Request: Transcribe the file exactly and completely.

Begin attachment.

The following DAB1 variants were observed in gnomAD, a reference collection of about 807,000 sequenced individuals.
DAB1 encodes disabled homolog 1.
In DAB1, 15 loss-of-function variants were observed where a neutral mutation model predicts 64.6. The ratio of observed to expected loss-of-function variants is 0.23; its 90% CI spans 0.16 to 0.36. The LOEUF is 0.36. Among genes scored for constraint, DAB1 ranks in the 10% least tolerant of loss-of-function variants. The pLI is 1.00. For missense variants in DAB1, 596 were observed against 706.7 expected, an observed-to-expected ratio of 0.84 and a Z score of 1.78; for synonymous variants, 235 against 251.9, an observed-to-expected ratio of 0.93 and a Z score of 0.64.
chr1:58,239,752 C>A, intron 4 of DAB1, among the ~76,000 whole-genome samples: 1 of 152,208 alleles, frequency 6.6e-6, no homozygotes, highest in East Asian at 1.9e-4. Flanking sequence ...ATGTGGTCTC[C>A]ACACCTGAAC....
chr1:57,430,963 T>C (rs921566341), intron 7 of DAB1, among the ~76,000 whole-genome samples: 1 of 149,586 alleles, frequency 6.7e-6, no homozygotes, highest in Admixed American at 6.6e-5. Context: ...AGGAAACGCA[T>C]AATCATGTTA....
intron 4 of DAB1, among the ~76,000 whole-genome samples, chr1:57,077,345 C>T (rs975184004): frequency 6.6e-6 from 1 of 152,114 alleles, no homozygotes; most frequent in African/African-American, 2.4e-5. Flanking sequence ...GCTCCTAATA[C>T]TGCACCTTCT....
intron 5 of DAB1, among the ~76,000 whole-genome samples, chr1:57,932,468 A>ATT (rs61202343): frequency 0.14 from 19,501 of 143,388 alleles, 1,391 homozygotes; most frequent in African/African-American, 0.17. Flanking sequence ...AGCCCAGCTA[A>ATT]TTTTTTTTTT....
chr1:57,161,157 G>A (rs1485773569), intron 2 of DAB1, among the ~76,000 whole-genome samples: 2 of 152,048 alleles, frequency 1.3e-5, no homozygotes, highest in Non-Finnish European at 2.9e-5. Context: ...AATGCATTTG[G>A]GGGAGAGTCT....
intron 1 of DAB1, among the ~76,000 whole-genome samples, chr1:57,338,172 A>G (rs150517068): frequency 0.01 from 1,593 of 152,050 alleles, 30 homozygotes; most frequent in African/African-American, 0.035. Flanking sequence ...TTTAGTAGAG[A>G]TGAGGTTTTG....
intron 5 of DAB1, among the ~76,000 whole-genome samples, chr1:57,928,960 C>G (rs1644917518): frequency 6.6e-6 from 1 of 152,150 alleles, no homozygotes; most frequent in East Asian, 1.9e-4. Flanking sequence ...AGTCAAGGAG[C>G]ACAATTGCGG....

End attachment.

The following DAB1 variants were observed in gnomAD, a reference collection of about 807,000 sequenced individuals.
DAB1 encodes disabled homolog 1.
In DAB1, 15 loss-of-function variants were observed where a neutral mutation model predicts 64.6. The ratio of observed to expected loss-of-function variants is 0.23; its 90% CI spans 0.16 to 0.36. The LOEUF is 0.36. Among genes scored for constraint, DAB1 ranks in the 10% least tolerant of loss-of-function variants. The pLI is 1.00. For missense variants in DAB1, 596 were observed against 706.7 expected, an observed-to-expected ratio of 0.84 and a Z score of 1.78; for synonymous variants, 235 against 251.9, an observed-to-expected ratio of 0.93 and a Z score of 0.64.
chr1:58,239,752 C>A, intron 4 of DAB1, among the ~76,000 whole-genome samples: 1 of 152,208 alleles, frequency 6.6e-6, no homozygotes, highest in East Asian at 1.9e-4. Flanking sequence ...ATGTGGTCTC[C>A]ACACCTGAAC....
chr1:57,430,963 T>C (rs921566341), intron 7 of DAB1, among the ~76,000 whole-genome samples: 1 of 149,586 alleles, frequency 6.7e-6, no homozygotes, highest in Admixed American at 6.6e-5. Context: ...AGGAAACGCA[T>C]AATCATGTTA....
intron 4 of DAB1, among the ~76,000 whole-genome samples, chr1:57,077,345 C>T (rs975184004): frequency 6.6e-6 from 1 of 152,114 alleles, no homozygotes; most frequent in African/African-American, 2.4e-5. Flanking sequence ...GCTCCTAATA[C>T]TGCACCTTCT....
intron 5 of DAB1, among the ~76,000 whole-genome samples, chr1:57,932,468 A>ATT (rs61202343): frequency 0.14 from 19,501 of 143,388 alleles, 1,391 homozygotes; most frequent in African/African-American, 0.17. Flanking sequence ...AGCCCAGCTA[A>ATT]TTTTTTTTTT....
chr1:57,161,157 G>A (rs1485773569), intron 2 of DAB1, among the ~76,000 whole-genome samples: 2 of 152,048 alleles, frequency 1.3e-5, no homozygotes, highest in Non-Finnish European at 2.9e-5. Context: ...AATGCATTTG[G>A]GGGAGAGTCT....
intron 1 of DAB1, among the ~76,000 whole-genome samples, chr1:57,338,172 A>G (rs150517068): frequency 0.01 from 1,593 of 152,050 alleles, 30 homozygotes; most frequent in African/African-American, 0.035. Flanking sequence ...TTTAGTAGAG[A>G]TGAGGTTTTG....
intron 5 of DAB1, among the ~76,000 whole-genome samples, chr1:57,928,960 C>G (rs1644917518): frequency 6.6e-6 from 1 of 152,150 alleles, no homozygotes; most frequent in East Asian, 1.9e-4. Flanking sequence ...AGTCAAGGAG[C>G]ACAATTGCGG....